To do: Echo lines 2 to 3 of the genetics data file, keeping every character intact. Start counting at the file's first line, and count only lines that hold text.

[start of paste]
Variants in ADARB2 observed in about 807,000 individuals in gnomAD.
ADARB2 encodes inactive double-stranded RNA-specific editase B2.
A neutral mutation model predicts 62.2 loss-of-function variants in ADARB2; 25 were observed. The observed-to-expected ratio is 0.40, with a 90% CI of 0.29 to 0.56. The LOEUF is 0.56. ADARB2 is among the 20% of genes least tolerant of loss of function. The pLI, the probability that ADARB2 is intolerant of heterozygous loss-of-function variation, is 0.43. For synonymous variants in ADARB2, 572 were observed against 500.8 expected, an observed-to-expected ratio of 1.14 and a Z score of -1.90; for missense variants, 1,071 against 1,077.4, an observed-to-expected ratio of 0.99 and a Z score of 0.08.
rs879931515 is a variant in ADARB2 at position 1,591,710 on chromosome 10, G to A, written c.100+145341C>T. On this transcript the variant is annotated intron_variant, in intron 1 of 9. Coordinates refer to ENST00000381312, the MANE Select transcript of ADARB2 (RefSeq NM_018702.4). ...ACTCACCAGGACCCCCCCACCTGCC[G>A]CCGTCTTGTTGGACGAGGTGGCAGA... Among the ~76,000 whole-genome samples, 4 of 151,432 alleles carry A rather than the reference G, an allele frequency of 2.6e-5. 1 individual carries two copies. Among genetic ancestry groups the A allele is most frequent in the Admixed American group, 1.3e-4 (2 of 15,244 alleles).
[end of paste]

ADARB2 encodes inactive double-stranded RNA-specific editase B2.
A neutral mutation model predicts 62.2 loss-of-function variants in ADARB2; 25 were observed. The observed-to-expected ratio is 0.40, with a 90% CI of 0.29 to 0.56. The LOEUF is 0.56. ADARB2 is among the 20% of genes least tolerant of loss of function. The pLI, the probability that ADARB2 is intolerant of heterozygous loss-of-function variation, is 0.43. For synonymous variants in ADARB2, 572 were observed against 500.8 expected, an observed-to-expected ratio of 1.14 and a Z score of -1.90; for missense variants, 1,071 against 1,077.4, an observed-to-expected ratio of 0.99 and a Z score of 0.08.